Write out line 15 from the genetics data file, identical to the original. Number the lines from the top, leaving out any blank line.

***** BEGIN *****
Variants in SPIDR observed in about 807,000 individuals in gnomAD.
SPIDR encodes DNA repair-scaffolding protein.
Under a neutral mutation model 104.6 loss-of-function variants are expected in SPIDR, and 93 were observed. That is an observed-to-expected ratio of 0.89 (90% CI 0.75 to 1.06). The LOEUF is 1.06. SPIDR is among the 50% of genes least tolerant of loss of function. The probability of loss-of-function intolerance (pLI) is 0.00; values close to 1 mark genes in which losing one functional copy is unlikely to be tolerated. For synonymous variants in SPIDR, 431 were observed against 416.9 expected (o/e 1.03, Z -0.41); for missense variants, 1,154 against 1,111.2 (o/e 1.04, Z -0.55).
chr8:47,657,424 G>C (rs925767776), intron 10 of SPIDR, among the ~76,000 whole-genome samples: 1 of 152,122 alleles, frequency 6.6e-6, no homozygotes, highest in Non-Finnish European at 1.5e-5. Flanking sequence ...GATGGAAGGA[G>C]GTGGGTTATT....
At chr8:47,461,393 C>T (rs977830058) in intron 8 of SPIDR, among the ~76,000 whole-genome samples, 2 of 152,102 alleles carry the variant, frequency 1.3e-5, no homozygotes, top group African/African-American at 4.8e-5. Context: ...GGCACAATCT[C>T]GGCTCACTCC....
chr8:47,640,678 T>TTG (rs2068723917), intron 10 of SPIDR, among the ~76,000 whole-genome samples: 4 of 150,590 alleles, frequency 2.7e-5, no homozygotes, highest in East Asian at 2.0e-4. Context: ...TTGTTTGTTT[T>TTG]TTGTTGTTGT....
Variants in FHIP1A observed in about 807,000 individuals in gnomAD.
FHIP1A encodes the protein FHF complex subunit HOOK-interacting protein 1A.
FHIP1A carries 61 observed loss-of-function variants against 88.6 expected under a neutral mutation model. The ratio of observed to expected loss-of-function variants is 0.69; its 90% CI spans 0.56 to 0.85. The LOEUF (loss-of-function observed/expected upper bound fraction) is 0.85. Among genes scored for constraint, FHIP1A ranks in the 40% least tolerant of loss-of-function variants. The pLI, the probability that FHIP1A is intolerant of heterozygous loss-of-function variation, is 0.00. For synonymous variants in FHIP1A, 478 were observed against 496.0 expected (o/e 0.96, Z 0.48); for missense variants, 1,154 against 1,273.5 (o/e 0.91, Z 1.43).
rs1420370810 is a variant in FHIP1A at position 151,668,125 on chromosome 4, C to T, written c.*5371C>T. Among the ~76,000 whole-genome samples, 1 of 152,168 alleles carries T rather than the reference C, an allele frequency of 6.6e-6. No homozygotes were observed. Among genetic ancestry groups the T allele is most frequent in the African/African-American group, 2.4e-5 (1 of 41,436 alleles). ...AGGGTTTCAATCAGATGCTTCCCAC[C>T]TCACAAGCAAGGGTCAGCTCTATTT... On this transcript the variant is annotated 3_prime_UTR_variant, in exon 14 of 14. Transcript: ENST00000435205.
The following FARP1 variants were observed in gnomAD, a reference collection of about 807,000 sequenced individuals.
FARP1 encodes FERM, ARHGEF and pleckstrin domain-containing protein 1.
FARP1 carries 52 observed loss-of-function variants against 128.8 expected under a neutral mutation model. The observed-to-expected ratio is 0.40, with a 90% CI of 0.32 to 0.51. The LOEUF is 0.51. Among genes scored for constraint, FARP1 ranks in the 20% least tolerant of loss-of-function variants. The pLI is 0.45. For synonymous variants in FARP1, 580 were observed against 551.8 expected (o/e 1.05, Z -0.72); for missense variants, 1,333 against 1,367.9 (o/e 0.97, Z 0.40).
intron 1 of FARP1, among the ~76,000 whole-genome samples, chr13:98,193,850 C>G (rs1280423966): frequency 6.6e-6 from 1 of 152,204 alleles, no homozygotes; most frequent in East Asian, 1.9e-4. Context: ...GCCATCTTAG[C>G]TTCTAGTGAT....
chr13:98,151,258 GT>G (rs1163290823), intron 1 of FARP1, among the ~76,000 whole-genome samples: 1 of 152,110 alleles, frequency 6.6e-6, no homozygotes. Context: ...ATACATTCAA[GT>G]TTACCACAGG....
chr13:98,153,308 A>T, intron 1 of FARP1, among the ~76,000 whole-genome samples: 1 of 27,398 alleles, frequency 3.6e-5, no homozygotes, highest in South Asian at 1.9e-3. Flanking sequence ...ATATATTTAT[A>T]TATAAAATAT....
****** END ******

chr13:98,151,258 GT>G (rs1163290823), intron 1 of FARP1, among the ~76,000 whole-genome samples: 1 of 152,110 alleles, frequency 6.6e-6, no homozygotes. Context: ...ATACATTCAA[GT>G]TTACCACAGG....